G. McKay, A. Mesdaghinia, S. Nasseri, M. Hadi, and M. Solaimany Aminabad, "Optimum isotherms of dyes sorption by activated carbon: fractional theoretical capacity & error analysis," Chemical Engineering Journal, vol. 251, pp. 236-247, 2014.
 F. Deniz and E. T. Ersanli, "Simultaneous bioremoval of two unsafe dyes from aqueous solution using a novel green composite biosorbent," Microchemical Journal, vol. 128, pp. 312-319, 2016.
 S. Chatterjee, M. W. Lee, and S. H. Woo, "Adsorption of congo red by chitosan hydrogel beads impregnated with carbon nanotubes," Bioresource Technology, vol. 101, no. 6, pp. 1800-1806, 2010.
 A. Bera, T. Kumar, K. Ojha, and A. Mandal, "Adsorption of surfactants on sand surface in enhanced oil recovery: isotherms, kinetics and thermodynamic studies," Applied Surface Science, vol. 284, pp. 87-99, 2013.
 S. Rangabhashiyam, N. Anu, M. S. Giri Nandagopal, and N. Selvaraju, "Relevance of isotherm models in biosorption of pollutants by agricultural byproducts," Journal of Environmental Chemical Engineering, vol. 2, no. 1, pp. 398-414, 2014.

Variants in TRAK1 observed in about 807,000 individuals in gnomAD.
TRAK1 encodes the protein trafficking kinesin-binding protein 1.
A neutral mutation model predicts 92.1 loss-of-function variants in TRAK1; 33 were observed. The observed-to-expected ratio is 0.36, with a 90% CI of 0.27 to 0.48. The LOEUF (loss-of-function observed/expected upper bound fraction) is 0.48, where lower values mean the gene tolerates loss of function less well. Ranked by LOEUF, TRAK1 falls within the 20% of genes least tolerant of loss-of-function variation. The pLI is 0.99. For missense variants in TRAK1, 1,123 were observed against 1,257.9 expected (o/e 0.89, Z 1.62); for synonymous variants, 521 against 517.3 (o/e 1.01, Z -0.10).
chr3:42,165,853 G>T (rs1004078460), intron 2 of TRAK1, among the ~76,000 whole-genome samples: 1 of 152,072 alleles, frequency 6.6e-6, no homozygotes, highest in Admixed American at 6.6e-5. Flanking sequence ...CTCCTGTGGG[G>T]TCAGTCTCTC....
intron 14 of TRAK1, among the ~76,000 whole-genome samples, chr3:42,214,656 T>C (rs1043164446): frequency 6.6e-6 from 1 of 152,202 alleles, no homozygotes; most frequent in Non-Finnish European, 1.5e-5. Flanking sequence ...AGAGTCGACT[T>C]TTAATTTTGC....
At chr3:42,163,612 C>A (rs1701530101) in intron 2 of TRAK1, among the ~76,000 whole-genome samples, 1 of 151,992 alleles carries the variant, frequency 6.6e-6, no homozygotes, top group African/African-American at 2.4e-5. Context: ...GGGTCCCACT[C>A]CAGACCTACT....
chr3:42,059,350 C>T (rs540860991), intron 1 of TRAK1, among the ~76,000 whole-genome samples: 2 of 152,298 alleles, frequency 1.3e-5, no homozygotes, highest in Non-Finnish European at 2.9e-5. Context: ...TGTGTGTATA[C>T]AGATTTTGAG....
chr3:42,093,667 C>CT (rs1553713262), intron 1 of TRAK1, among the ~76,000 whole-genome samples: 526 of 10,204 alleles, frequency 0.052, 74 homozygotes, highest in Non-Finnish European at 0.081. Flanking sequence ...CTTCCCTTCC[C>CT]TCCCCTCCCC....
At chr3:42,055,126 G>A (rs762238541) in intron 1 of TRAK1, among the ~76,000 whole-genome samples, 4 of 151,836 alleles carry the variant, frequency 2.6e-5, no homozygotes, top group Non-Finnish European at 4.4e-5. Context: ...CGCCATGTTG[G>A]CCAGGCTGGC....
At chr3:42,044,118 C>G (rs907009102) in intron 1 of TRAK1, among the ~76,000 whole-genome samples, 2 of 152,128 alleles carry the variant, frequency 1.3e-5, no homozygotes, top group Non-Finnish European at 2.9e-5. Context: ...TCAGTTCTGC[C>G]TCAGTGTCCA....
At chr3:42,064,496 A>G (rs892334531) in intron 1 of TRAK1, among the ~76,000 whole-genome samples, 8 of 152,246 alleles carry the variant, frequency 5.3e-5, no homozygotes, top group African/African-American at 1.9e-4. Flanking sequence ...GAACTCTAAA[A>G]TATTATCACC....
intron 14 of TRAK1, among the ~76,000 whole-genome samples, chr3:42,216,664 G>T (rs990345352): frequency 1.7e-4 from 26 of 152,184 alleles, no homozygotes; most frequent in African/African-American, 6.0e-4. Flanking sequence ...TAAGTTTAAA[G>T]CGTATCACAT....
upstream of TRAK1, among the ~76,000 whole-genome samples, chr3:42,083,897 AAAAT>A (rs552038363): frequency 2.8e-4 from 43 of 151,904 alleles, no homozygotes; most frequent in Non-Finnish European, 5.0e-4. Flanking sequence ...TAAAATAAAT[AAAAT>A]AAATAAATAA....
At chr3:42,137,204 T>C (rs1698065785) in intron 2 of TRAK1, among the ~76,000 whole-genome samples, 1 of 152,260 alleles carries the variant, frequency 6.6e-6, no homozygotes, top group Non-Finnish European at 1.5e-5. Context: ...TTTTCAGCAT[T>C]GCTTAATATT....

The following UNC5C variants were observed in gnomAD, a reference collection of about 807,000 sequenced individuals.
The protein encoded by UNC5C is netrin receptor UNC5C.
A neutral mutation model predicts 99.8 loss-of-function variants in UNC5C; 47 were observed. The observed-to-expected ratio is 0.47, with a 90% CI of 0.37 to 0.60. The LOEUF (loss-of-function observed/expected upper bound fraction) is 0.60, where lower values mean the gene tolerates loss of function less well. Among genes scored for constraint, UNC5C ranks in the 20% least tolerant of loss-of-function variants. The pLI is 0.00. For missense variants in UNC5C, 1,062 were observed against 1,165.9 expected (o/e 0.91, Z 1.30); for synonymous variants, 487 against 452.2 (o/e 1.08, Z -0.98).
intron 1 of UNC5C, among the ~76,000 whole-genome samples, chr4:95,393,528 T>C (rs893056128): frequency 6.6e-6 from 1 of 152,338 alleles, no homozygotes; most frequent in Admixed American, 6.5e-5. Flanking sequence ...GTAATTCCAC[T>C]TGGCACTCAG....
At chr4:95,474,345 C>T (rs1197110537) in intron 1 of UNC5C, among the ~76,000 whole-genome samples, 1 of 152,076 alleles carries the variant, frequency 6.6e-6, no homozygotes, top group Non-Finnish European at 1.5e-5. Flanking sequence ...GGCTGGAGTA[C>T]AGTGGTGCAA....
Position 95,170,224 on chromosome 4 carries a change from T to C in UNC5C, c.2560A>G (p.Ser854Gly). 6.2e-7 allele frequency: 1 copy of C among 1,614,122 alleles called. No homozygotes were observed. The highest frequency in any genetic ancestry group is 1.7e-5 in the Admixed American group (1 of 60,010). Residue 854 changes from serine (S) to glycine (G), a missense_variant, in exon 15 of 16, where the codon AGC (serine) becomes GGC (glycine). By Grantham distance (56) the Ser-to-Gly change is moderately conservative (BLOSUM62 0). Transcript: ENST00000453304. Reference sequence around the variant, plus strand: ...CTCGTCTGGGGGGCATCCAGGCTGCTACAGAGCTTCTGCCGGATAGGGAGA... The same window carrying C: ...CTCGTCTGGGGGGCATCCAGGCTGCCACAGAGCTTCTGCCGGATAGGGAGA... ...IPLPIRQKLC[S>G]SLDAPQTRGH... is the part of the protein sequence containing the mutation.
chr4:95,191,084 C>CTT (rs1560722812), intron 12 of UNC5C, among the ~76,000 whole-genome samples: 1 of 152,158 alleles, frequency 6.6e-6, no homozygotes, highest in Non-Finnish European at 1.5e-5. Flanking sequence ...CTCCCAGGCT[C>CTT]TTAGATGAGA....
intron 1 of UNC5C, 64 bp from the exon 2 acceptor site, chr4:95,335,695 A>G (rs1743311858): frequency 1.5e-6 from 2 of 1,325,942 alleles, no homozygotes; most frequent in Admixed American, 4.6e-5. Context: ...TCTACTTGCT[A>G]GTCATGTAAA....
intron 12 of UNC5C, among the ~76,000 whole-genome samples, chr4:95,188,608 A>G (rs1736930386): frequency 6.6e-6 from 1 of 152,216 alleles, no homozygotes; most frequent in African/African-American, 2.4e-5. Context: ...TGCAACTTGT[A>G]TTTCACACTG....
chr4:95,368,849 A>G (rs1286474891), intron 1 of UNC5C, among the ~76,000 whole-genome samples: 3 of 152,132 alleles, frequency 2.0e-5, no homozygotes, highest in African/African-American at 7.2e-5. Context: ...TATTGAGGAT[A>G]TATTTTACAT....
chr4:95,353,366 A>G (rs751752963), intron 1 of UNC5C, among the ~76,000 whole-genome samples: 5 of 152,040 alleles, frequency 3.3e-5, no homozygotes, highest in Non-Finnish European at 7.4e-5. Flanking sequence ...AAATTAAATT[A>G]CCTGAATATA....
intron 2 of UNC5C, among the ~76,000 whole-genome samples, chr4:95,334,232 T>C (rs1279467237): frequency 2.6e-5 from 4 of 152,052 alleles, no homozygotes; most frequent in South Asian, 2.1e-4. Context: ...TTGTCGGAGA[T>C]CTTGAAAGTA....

D.-q Li, J. Wang, Z.-g Guo, J. Li, and J. Shuai, "Pectin gels cross-linked by [Ca.sup.2+]: an efficient material for methylene blue removal," Journal of Molecular Liquids, vol. 238, pp. 36-42, 2017.
 J. Pang, F. Fu, Z. Ding, J. Lu, N. Li, and B. Tang, "Adsorption behaviors of methylene blue from aqueous solution on mesoporous birnessite," Journal of the Taiwan Institute of Chemical Engineers, vol. 77, pp. 168-176, 2017.
 F. Marrakchi, M. Auta, W. A. Khanday, and B. H. Hameed, "High-surface-area and nitrogen-rich mesoporous carbon material from fishery waste for effective adsorption of methylene blue," Powder Technology, vol. 321, pp. 428-434, 2017.
 S. Anisuzzaman, C. G. Joseph, D. Krishnaiah, A. Bono, and L. Ooi, "Parametric and adsorption kinetic studies of methylene blue removal from simulated textile water using durian (Durio zibethinus Murray) skin," Water Science and Technology, vol. 72, no. 6, pp. 896-907, 2015.
 D. L. Postai, C. A. Demarchi, F. Zanatta, D. C. C. Melo, and C. A. Rodrigues, "Adsorption of rhodamine B and methylene blue dyes using waste of seeds of Aleurites moluccana, a low cost adsorbent," Alexandria Engineering Journal, vol. 55, no. 2, pp. 1713-1723, 2016.